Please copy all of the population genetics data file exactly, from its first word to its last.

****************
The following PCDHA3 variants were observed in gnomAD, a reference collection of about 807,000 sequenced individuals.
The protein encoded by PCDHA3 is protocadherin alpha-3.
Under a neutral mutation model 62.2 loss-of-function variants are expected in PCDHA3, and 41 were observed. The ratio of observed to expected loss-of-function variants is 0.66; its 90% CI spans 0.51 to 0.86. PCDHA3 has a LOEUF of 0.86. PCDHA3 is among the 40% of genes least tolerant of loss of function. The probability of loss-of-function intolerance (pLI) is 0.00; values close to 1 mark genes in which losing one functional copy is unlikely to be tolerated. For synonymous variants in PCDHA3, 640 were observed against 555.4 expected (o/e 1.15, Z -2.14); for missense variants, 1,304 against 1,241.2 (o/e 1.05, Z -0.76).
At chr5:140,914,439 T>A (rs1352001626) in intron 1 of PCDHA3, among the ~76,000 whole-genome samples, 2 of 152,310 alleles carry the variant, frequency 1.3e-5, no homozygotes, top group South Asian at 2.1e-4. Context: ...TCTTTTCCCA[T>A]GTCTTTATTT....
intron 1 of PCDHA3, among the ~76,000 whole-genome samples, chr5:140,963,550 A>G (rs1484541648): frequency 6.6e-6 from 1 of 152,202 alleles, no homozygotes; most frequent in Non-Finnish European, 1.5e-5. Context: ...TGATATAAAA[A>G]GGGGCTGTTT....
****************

The following PCDHA3 variants were observed in gnomAD, a reference collection of about 807,000 sequenced individuals.
The protein encoded by PCDHA3 is protocadherin alpha-3.
Under a neutral mutation model 62.2 loss-of-function variants are expected in PCDHA3, and 41 were observed. The ratio of observed to expected loss-of-function variants is 0.66; its 90% CI spans 0.51 to 0.86. PCDHA3 has a LOEUF of 0.86. PCDHA3 is among the 40% of genes least tolerant of loss of function. The probability of loss-of-function intolerance (pLI) is 0.00; values close to 1 mark genes in which losing one functional copy is unlikely to be tolerated. For synonymous variants in PCDHA3, 640 were observed against 555.4 expected (o/e 1.15, Z -2.14); for missense variants, 1,304 against 1,241.2 (o/e 1.05, Z -0.76).
At chr5:140,914,439 T>A (rs1352001626) in intron 1 of PCDHA3, among the ~76,000 whole-genome samples, 2 of 152,310 alleles carry the variant, frequency 1.3e-5, no homozygotes, top group South Asian at 2.1e-4. Context: ...TCTTTTCCCA[T>A]GTCTTTATTT....
intron 1 of PCDHA3, among the ~76,000 whole-genome samples, chr5:140,963,550 A>G (rs1484541648): frequency 6.6e-6 from 1 of 152,202 alleles, no homozygotes; most frequent in Non-Finnish European, 1.5e-5. Context: ...TGATATAAAA[A>G]GGGGCTGTTT....